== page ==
Height was measured without shoes to the nearest 5 mm. Weight was measured to the nearest 0·1 kg with the subject in light indoor clothes, with emptied pockets and without shoes. Weight and height were, respectively, measured using calibrated precision scales and portable wall-mounted stadiometers, following standardised procedures. BMI, used as a measure for relative weight, was calculated as kg/m2, and subjects were classified into obese (BMI ≥ 30 kg/m2) and non-obese (BMI < 30 kg/m2).
Information about the respondents’ age was based on their self-reported birth year, and subjects were stratified into five 10-year age groups (20–29, 30–39, 40–49, 50–59 and 60–69 years).
Education was defined as the total number of years of education. The respondents were categorised into three groups: those with low (0–8 years), moderate (9–12 years) or high (more than 12 years) education. The three categories used two dummy variables.
Economic index was defined as square metre of living place divided by number of people in household.
The original questionnaire item included twelve response categories. For this analysis, housewife, student, retired and unemployed were grouped into one category named ‘non-active workforce’v. ‘active workforce’ (others). The subjects were grouped according to their place of residence as living in cities (urban) or villages (rural). Smoking status was dichotomised into smoker v. non-smoker. To make the marital status variable, it was dichotomised into legally married and non-married groups.
The generalised estimating equation (GEE) approach was used to carry out logistic regression for correlated dichotomous responses. As subjects’ responses are correlated within the same household, the GEE model with a logit link and exchangeable correlation structure were used to model the relationship between the odds of obesity and age, education, economic index, workforce, smoking, marital status and place of residence. An interaction was found between sex and educational level, and hence the results were presented separately for men and women. All two-way interaction terms were dropped from the models, because they were not statistically significant. The results are presented as OR and their 95 % CI. All analyses were carried out using the SAS statistical software package version 9·1 (SAS Institute, Cary, NC, USA).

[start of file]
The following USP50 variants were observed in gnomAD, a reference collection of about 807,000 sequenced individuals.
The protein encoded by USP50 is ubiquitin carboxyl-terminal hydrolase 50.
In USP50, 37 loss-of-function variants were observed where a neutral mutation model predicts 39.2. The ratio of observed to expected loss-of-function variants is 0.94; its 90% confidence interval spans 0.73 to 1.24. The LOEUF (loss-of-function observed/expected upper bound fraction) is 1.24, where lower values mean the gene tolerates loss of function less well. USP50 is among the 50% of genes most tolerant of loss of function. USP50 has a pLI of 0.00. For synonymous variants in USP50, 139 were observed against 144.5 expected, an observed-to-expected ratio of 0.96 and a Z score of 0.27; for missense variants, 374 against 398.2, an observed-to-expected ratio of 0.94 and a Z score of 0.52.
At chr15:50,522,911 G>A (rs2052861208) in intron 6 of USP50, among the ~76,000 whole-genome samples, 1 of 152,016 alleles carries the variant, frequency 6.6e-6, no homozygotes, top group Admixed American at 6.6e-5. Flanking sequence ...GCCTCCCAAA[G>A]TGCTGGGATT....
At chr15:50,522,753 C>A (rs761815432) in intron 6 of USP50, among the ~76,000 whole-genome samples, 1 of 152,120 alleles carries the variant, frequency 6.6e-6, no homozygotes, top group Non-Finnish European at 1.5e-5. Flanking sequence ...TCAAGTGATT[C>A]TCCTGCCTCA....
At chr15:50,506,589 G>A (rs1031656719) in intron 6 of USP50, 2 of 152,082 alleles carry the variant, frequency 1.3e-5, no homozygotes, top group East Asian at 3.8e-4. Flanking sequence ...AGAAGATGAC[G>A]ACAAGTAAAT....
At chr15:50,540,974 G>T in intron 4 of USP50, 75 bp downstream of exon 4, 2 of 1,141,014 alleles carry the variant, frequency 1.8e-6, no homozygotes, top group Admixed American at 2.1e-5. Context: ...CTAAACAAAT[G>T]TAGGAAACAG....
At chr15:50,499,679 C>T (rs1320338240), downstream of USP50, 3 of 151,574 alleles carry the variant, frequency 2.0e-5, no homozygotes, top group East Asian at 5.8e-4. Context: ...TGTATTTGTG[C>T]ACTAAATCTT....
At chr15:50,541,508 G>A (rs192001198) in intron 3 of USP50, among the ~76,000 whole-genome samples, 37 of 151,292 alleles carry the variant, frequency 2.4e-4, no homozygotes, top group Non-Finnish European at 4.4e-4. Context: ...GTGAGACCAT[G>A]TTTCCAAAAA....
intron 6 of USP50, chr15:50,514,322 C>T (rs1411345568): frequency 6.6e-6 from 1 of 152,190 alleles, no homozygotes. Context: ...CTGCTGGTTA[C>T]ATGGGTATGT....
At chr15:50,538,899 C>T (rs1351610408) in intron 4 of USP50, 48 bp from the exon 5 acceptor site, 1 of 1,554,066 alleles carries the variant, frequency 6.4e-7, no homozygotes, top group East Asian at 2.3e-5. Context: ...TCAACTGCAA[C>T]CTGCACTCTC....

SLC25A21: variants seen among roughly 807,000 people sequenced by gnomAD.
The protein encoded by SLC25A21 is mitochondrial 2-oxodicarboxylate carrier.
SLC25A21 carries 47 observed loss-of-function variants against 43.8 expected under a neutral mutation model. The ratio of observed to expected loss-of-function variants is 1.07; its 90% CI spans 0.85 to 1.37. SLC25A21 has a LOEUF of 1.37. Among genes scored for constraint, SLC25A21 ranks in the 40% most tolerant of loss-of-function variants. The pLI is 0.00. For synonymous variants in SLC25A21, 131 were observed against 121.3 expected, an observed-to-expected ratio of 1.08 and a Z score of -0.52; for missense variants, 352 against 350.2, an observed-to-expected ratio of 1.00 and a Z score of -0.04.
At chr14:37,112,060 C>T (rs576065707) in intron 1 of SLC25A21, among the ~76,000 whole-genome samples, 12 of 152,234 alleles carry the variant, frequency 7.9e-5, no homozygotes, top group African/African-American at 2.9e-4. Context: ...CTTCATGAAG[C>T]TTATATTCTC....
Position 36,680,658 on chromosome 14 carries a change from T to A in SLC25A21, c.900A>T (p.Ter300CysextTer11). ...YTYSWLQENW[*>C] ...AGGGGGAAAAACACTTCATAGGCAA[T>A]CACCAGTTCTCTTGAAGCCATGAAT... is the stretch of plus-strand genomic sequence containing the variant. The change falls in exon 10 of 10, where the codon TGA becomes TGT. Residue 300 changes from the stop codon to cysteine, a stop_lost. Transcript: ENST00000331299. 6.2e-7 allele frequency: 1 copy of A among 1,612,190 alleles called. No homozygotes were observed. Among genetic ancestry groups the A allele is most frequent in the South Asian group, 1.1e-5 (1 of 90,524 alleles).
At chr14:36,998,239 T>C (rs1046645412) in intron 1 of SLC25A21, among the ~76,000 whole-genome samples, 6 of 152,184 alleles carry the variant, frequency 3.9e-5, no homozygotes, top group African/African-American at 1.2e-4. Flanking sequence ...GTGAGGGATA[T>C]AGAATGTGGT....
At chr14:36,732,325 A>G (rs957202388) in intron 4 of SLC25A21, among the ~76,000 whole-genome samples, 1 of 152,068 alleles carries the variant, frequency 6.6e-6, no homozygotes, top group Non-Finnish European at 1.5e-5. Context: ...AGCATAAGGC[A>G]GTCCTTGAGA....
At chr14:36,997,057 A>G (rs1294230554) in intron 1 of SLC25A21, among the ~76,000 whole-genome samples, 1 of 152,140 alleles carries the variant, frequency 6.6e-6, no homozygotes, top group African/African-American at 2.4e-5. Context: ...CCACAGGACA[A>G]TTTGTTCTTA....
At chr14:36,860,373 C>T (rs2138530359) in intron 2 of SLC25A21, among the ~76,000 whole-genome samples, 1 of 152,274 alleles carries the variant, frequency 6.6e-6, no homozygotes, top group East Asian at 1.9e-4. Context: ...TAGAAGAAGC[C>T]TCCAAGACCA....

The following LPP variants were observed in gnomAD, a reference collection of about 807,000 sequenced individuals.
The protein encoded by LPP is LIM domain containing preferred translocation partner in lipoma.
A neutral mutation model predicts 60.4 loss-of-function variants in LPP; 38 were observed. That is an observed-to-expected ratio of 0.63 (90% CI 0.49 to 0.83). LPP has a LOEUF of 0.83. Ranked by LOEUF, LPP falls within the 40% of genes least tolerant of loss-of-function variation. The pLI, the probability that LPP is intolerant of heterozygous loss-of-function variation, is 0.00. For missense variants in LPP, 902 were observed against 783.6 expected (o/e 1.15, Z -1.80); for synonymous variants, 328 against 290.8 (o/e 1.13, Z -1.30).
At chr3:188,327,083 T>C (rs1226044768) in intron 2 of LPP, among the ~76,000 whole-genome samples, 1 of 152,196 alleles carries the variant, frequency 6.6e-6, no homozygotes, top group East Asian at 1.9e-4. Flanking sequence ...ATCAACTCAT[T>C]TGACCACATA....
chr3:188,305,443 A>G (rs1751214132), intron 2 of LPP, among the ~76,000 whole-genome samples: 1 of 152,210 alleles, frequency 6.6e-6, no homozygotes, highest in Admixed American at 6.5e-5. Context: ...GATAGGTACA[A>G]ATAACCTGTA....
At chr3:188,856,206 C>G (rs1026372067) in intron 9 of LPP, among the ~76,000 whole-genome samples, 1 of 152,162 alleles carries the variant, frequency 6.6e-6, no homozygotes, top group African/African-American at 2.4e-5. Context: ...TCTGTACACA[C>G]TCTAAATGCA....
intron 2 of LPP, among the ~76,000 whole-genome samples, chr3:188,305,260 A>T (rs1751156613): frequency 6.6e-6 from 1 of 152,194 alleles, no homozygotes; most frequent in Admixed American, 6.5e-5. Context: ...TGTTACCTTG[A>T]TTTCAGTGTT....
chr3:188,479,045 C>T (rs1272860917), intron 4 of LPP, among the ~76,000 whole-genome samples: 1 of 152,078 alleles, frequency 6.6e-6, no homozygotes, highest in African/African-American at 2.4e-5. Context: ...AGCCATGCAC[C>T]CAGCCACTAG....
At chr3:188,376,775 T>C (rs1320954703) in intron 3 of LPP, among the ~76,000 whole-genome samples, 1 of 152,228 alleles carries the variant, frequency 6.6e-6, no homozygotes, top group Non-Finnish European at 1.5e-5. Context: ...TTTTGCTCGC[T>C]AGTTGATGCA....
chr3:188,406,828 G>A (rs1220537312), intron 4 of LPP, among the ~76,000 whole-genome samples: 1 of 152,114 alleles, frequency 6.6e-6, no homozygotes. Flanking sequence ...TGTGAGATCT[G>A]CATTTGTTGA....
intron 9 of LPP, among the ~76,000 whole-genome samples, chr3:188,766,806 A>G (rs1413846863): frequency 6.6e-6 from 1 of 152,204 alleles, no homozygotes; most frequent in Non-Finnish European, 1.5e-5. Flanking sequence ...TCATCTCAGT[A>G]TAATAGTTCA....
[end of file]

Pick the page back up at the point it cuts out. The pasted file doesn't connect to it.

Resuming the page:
The mean BMI of men was 23·91 kg/m2 (95 % CI 23·84, 23·98). The women had a mean BMI of 25·3 kg/m2 (95 % CI 24·5, 26·1). Table 1 shows that the mean BMI of women was higher than that of men in all age groups. As the P values indicate, these differences were clearly statistically significant.
Table 2 illustrates that obesity was less prevalent among the highly educated women. The prevalence of obesity was higher among men who were non-smokers, inactive in the workforce and who resided in cities. The prevalence of obesity was higher among women who were married, inactive in the workforce and who resided in cities.
* Obesity, BMI ≥ 30 kg/m2.
We used a GEE model, which includes age, education level, economic index, workforce level, smoking status, marital status, place of residence and sex. After adjustment for other variables, the adjusted OR and 95 % CI were calculated (Table 3). All results are presented separately for men and women.
GEE, generalised estimating equations.
* Adjusted for all other variables.
† Obesity, BMI ≥ 30 kg/m2.
Among men, using 20–29 years as the reference group, the adjusted obesity OR for age groups 30–39, 40–49, 50–59 and 60–69 years were 2·05 (95 % CI 1·63, 2·59), 3·17 (95 % CI 2·51, 4·01), 2·80 (95 % CI 2·14, 3·67) and 2·73 (95 % CI 2·06, 3·62), respectively. Among women, the adjusted obesity OR for age groups 30–39, 40–49, 50–59 and 60–69 years were 2·30 (95 % CI 2·03, 2·60), 3·09 (95 % CI 2·71, 3·52), 3·01 (95 % CI 2·57, 3·53) and 1·80 (95 % CI 1·49, 2·16), respectively.
An association was observed between economic index and obesity. Adjusted obesity OR were 1·003 (95 % CI 1·00, 1·007) and 1·004 (95 % CI 1·002, 1·006) for men and women, respectively. In addition, for 1 m2 increase in economic index, the OR of obesity was increased by 0·3 % among men and 0·4 % among women.
Married women were more obese. The adjusted obesity OR was 1·16 (95 % CI 1·03, 1·31). Among men, this association was not significant (ORa = 1·09 (95 % CI 0·90, 1·32)).
We observed an association between place of residence and obesity. The adjusted obesity OR were 1·88 (95 % CI 1·56, 2·26) and 2·06 (95 % CI 1·85, 2·29) for urban men and women, respectively.
We found a statistically significant inverse association between educational level and obesity among women. Using low level as the reference group, the adjusted OR for moderate level for men and women were 1·06 (95 % CI 0·89, 1·26) and 0·77 (95 % CI 0·68, 0·88), respectively. The adjusted OR for high level for men and women were (ORa = 0·75 (95 % CI 0·57, 0·99)) and (ORa = 0·43 (95 % CI 0·33, 0·57)), respectively.